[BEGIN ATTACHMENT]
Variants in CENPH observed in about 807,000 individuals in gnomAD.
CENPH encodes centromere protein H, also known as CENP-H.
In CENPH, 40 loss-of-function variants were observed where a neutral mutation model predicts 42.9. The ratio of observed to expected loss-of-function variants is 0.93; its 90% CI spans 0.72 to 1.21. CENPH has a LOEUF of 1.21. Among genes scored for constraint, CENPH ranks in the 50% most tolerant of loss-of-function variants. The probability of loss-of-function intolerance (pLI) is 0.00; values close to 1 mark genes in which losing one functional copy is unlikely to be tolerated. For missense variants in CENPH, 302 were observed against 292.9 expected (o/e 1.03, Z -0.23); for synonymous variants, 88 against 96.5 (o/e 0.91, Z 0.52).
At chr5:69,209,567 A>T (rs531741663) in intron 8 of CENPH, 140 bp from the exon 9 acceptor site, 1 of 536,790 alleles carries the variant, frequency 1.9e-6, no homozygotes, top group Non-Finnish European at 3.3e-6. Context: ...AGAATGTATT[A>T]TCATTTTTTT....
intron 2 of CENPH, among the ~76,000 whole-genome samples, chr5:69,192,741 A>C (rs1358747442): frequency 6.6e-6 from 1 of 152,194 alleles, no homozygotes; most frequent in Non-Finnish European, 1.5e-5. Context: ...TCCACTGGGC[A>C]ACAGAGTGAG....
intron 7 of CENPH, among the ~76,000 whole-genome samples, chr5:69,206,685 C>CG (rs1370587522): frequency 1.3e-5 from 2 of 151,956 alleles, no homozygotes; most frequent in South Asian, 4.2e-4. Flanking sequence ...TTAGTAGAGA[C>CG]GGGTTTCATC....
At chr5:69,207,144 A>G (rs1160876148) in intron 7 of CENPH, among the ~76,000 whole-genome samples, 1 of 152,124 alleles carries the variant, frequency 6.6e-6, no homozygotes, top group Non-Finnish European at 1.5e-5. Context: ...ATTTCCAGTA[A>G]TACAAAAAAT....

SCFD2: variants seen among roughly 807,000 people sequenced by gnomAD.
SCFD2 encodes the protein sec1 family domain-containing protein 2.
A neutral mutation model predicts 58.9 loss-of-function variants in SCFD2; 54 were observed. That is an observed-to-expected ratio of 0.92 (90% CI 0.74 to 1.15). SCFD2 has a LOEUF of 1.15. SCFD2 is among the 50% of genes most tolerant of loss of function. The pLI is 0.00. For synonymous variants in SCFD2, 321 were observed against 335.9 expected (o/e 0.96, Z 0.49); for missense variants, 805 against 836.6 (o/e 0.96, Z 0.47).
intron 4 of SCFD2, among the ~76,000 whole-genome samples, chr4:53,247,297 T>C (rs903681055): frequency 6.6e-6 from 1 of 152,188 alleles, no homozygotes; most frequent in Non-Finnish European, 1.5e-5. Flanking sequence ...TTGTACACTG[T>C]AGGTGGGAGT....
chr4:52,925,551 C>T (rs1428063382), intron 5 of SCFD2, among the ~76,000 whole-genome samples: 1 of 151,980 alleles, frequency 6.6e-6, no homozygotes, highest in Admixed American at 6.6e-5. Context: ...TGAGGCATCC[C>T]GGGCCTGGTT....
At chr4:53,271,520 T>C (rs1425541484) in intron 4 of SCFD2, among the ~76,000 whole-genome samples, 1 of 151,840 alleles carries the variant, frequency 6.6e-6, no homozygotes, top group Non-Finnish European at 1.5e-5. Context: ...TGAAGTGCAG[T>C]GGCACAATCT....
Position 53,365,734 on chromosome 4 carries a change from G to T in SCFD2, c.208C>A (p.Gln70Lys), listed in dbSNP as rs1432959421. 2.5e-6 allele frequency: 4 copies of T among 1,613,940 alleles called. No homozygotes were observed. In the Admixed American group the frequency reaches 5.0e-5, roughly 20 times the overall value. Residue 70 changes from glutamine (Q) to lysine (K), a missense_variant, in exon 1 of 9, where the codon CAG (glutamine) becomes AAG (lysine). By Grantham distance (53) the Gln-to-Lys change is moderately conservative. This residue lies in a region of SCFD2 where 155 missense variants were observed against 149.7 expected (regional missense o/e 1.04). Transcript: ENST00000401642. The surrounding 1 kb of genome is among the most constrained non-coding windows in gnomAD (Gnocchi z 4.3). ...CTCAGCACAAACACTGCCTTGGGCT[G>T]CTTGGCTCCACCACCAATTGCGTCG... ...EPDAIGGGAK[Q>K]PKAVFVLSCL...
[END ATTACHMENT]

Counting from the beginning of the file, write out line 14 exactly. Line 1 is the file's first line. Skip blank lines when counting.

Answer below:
Position 53,365,734 on chromosome 4 carries a change from G to T in SCFD2, c.208C>A (p.Gln70Lys), listed in dbSNP as rs1432959421. 2.5e-6 allele frequency: 4 copies of T among 1,613,940 alleles called. No homozygotes were observed. In the Admixed American group the frequency reaches 5.0e-5, roughly 20 times the overall value. Residue 70 changes from glutamine (Q) to lysine (K), a missense_variant, in exon 1 of 9, where the codon CAG (glutamine) becomes AAG (lysine). By Grantham distance (53) the Gln-to-Lys change is moderately conservative. This residue lies in a region of SCFD2 where 155 missense variants were observed against 149.7 expected (regional missense o/e 1.04). Transcript: ENST00000401642. The surrounding 1 kb of genome is among the most constrained non-coding windows in gnomAD (Gnocchi z 4.3). ...CTCAGCACAAACACTGCCTTGGGCT[G>T]CTTGGCTCCACCACCAATTGCGTCG... ...EPDAIGGGAK[Q>K]PKAVFVLSCL...